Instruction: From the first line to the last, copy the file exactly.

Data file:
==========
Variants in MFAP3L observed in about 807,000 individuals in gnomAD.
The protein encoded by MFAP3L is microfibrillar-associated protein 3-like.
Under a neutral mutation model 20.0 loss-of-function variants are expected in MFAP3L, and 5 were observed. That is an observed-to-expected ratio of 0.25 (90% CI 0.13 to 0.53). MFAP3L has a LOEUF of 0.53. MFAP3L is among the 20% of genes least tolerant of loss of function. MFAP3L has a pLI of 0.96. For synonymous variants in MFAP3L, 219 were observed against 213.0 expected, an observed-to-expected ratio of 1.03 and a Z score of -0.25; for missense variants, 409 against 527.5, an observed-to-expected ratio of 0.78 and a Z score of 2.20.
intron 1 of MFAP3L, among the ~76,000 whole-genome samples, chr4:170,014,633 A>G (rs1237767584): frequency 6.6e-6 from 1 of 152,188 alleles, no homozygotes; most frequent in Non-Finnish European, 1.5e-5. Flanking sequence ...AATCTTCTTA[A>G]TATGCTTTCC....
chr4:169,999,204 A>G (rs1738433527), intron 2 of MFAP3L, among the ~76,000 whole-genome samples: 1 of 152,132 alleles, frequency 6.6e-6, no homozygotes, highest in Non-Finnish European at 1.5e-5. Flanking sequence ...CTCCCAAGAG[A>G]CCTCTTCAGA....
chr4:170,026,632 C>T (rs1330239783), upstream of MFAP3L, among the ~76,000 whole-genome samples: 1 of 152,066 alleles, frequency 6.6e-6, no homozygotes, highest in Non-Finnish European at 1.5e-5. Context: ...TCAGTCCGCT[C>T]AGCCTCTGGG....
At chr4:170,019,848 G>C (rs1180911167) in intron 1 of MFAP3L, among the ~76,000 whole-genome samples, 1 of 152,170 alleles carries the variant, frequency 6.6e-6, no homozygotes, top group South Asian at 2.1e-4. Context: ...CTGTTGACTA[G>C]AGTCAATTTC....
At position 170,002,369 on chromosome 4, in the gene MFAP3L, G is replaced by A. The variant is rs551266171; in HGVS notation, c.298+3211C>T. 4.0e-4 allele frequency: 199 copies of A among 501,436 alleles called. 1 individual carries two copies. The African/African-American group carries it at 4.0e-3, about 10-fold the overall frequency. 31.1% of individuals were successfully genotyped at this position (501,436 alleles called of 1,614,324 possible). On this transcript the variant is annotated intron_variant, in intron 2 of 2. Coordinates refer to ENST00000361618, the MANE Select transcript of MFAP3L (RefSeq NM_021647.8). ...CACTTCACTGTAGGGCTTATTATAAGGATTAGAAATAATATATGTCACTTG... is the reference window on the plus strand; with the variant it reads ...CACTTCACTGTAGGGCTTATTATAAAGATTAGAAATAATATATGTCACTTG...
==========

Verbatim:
Variants in MFAP3L observed in about 807,000 individuals in gnomAD.
The protein encoded by MFAP3L is microfibrillar-associated protein 3-like.
Under a neutral mutation model 20.0 loss-of-function variants are expected in MFAP3L, and 5 were observed. That is an observed-to-expected ratio of 0.25 (90% CI 0.13 to 0.53). MFAP3L has a LOEUF of 0.53. MFAP3L is among the 20% of genes least tolerant of loss of function. MFAP3L has a pLI of 0.96. For synonymous variants in MFAP3L, 219 were observed against 213.0 expected, an observed-to-expected ratio of 1.03 and a Z score of -0.25; for missense variants, 409 against 527.5, an observed-to-expected ratio of 0.78 and a Z score of 2.20.
intron 1 of MFAP3L, among the ~76,000 whole-genome samples, chr4:170,014,633 A>G (rs1237767584): frequency 6.6e-6 from 1 of 152,188 alleles, no homozygotes; most frequent in Non-Finnish European, 1.5e-5. Flanking sequence ...AATCTTCTTA[A>G]TATGCTTTCC....
chr4:169,999,204 A>G (rs1738433527), intron 2 of MFAP3L, among the ~76,000 whole-genome samples: 1 of 152,132 alleles, frequency 6.6e-6, no homozygotes, highest in Non-Finnish European at 1.5e-5. Flanking sequence ...CTCCCAAGAG[A>G]CCTCTTCAGA....
chr4:170,026,632 C>T (rs1330239783), upstream of MFAP3L, among the ~76,000 whole-genome samples: 1 of 152,066 alleles, frequency 6.6e-6, no homozygotes, highest in Non-Finnish European at 1.5e-5. Context: ...TCAGTCCGCT[C>T]AGCCTCTGGG....
At chr4:170,019,848 G>C (rs1180911167) in intron 1 of MFAP3L, among the ~76,000 whole-genome samples, 1 of 152,170 alleles carries the variant, frequency 6.6e-6, no homozygotes, top group South Asian at 2.1e-4. Context: ...CTGTTGACTA[G>C]AGTCAATTTC....
At position 170,002,369 on chromosome 4, in the gene MFAP3L, G is replaced by A. The variant is rs551266171; in HGVS notation, c.298+3211C>T. 4.0e-4 allele frequency: 199 copies of A among 501,436 alleles called. 1 individual carries two copies. The African/African-American group carries it at 4.0e-3, about 10-fold the overall frequency. 31.1% of individuals were successfully genotyped at this position (501,436 alleles called of 1,614,324 possible). On this transcript the variant is annotated intron_variant, in intron 2 of 2. Coordinates refer to ENST00000361618, the MANE Select transcript of MFAP3L (RefSeq NM_021647.8). ...CACTTCACTGTAGGGCTTATTATAAGGATTAGAAATAATATATGTCACTTG... is the reference window on the plus strand; with the variant it reads ...CACTTCACTGTAGGGCTTATTATAAAGATTAGAAATAATATATGTCACTTG...